“Camp Cupcake” — that’s how R.L. McFadden, the administrator of a federal prison camp near Butner, N.C., describes the minimum-security prison where convicted ex-Rep. Frank Ballance (D-N.C.) is serving four years for steering federal money to a North Carolina nonprofit he controlled.
Until recently, ex-Rep. Duke Cunningham (R-Calif.), who was sentenced to eight years and four months for taking $2.4 million in kickbacks from defense contractors, was a fellow inmate.
Part of the sprawling Butner Correctional Complex, the 328-man satellite camp where Ballance is residing boasts open-dormitory style housing, just eight prison guards and no towering fences or guard towers to prevent escape.
“It’s an easy place to do your time,” McFadden said in an interview. “This is definitely the place for your low-level offenders.”
McFadden says Ballance, now known as prisoner No. 24792-056, works as a library orderly and a peer counselor in the camp’s “I-Care” program that helps inmates adjust to life inside.
Though he failed to get his sentence reduced by arguing it was improperly linked to a case against his son, Ballance, 64, is making the most of his time. He will be released in June 2009.
“He’s a mature gentleman. He conducts himself as a gentleman. He doesn’t cause problems,” McFadden said.
“I never see him engaged in anything but walking and eating,” he added. “He doesn’t miss any meals.”
Following an unusual wave of Congressional corruption cases, Ballance is part of a quartet of ex-Congressman cons currently in federal lockup or headed there shortly.
Besides Ballance and Cunningham, former Rep. Bob Ney (R-Ohio) was sentenced Jan. 19 to 30 months in prison for accepting bribes connected to the Jack Abramoff scandal and will report to prison soon, while ex-Rep. James Traficant (Ohio) already is behind bars, serving eight years for bribery, fraud and racketeering.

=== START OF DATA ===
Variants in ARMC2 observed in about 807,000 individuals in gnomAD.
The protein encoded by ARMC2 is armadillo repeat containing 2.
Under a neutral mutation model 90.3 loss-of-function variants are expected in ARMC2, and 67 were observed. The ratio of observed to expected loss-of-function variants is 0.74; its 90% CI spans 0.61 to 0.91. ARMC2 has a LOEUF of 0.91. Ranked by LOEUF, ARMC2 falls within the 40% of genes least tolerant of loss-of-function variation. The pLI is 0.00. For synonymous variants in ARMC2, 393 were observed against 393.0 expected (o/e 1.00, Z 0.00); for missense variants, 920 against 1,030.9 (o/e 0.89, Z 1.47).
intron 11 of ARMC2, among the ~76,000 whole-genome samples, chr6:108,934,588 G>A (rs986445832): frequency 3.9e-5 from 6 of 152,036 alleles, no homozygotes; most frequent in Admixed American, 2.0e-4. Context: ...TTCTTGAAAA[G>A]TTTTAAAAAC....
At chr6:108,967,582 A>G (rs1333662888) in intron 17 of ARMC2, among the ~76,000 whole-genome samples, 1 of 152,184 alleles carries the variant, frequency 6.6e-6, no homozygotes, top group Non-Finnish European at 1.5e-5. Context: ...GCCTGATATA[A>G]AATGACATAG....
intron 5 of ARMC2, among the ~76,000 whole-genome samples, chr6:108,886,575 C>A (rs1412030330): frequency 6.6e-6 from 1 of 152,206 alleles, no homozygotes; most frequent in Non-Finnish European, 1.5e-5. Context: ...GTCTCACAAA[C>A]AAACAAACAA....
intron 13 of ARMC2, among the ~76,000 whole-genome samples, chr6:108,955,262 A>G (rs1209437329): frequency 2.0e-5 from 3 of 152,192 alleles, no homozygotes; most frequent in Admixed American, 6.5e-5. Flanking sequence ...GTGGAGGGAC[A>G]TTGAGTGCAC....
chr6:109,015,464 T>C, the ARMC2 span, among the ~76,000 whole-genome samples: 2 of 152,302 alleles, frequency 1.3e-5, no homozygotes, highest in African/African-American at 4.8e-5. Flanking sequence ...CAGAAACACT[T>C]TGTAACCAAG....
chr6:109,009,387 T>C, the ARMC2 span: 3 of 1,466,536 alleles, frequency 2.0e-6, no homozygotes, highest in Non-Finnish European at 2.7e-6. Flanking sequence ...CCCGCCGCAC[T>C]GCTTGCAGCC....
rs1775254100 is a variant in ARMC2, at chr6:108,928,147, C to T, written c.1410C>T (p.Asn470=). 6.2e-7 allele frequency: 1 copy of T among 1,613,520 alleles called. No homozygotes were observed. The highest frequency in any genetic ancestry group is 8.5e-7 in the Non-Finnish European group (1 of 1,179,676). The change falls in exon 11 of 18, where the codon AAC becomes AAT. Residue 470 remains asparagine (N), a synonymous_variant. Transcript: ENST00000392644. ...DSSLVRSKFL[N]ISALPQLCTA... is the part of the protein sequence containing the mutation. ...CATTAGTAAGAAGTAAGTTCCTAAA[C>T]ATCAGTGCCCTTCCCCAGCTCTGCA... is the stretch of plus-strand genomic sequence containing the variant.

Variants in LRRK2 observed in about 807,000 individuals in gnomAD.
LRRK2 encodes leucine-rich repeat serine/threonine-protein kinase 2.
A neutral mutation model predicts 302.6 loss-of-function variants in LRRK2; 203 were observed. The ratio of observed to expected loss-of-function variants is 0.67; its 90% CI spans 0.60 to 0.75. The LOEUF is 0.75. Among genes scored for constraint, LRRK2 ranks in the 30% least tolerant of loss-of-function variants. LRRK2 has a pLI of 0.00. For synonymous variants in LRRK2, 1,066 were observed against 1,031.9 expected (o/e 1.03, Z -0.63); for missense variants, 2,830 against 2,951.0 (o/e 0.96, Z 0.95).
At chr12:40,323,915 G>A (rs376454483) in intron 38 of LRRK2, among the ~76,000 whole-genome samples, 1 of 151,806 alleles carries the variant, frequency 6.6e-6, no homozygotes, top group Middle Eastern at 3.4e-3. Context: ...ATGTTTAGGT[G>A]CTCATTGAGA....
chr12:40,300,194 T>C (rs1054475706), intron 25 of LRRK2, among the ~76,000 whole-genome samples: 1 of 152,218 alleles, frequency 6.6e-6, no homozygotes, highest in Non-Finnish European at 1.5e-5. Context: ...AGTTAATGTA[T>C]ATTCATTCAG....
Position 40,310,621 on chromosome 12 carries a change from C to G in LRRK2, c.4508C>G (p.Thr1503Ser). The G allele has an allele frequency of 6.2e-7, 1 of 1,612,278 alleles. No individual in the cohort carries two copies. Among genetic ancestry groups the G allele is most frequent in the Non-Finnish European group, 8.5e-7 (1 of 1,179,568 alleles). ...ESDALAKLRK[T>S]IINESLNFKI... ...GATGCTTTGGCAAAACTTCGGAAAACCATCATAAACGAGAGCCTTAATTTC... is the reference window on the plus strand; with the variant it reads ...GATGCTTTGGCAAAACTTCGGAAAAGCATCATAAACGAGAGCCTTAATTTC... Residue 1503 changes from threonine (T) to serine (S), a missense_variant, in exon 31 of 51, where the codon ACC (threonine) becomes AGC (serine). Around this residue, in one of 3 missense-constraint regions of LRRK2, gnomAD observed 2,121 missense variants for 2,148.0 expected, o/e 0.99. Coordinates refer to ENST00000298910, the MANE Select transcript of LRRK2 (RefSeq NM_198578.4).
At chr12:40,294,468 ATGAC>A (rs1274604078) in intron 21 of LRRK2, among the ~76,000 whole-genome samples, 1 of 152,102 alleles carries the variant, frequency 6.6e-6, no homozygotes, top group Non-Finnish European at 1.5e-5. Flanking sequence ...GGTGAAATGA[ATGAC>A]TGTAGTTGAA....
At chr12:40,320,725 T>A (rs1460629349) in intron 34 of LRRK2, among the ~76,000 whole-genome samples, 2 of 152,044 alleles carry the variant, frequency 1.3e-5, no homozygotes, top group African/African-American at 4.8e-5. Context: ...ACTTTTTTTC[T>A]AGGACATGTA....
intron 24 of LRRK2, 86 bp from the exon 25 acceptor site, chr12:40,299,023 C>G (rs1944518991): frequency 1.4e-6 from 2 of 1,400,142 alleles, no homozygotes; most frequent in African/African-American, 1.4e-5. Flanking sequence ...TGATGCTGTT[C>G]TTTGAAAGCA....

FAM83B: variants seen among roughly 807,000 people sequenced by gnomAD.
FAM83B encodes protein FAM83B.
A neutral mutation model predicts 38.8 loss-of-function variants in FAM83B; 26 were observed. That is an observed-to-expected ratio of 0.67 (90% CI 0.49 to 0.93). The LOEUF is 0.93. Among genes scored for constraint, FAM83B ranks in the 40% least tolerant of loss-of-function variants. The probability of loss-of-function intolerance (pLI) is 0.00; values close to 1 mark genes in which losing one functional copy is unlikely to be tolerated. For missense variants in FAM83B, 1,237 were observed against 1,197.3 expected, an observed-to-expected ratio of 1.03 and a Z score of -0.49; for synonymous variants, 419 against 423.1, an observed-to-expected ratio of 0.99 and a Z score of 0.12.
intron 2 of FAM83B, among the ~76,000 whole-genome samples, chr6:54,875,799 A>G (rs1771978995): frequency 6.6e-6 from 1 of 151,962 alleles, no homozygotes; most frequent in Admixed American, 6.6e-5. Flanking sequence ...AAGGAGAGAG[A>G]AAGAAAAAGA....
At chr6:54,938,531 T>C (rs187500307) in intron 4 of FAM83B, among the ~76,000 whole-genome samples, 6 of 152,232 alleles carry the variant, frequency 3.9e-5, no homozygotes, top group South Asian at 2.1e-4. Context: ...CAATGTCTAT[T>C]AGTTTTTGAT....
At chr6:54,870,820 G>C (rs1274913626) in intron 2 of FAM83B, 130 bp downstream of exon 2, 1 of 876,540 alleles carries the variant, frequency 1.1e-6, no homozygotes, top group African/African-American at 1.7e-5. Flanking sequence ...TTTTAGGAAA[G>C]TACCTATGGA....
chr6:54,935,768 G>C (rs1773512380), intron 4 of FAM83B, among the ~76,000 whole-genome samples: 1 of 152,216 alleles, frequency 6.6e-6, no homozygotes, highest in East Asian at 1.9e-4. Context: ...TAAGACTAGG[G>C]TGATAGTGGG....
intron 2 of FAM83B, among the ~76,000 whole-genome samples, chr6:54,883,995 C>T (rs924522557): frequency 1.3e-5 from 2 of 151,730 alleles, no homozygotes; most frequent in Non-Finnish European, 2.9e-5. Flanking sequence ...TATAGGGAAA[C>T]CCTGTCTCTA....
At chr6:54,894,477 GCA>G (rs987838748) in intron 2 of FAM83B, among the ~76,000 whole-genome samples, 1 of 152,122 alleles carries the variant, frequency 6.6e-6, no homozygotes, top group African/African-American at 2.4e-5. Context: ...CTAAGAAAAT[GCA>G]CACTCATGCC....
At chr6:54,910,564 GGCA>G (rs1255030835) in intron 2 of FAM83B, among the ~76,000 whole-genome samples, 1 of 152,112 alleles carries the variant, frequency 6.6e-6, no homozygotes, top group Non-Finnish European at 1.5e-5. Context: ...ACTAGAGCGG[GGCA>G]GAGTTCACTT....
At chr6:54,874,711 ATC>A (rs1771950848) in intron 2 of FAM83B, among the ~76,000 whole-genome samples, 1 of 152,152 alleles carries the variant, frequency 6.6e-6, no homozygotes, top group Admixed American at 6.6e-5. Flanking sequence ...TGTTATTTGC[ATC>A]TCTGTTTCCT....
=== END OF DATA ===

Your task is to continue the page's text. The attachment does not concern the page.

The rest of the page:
Three of the four ex-Members — Ballance, Cunningham and Ney — are lucky: They are likely to serve out their sentences in federal prison camps, or minimum-security facilities without perimeter fencing, very few guards and nonviolent offenders, most of them there on drug charges. Prison riots or attacks aren’t likely to occur in these low-key facilities.
Traficant currently resides in Minnesota’s Rochester Medical Center, where inmates of all security levels are housed, with an undisclosed medical condition.
The flamboyant ex-Member has taken up painting. Though prison officials put a stop to him selling his artwork, several paintings still are listed as going for $100 plus $29 for shipping and handling through Traficant’s Web site, beammeupart.com.
According to his Web site, the 65-year-old ex-Member was recently chastised by prison authorities for purchasing too many stamps for his Christmas cards. He is slated to be released in September 2009.
But experts in the federal prison system, and ex-cons who have been there themselves, say that it would be misleading to think that Congressional felons are living the high life at a “Club Fed”-like facility, eating steak and lobster for dinner and spending their days on golf courses.
Terri Henderson, 6, center, whose mother is El Salvador, attends a rally with members of Congress at Union Station's Columbus Circle to announce the Restore Opportunity, Strengthen, and Improve the Economy (ROSIE) Act on July 29, 2014. The legislation provides incentives for government contractors to pay a living wage and other benefits that would help low-income workers.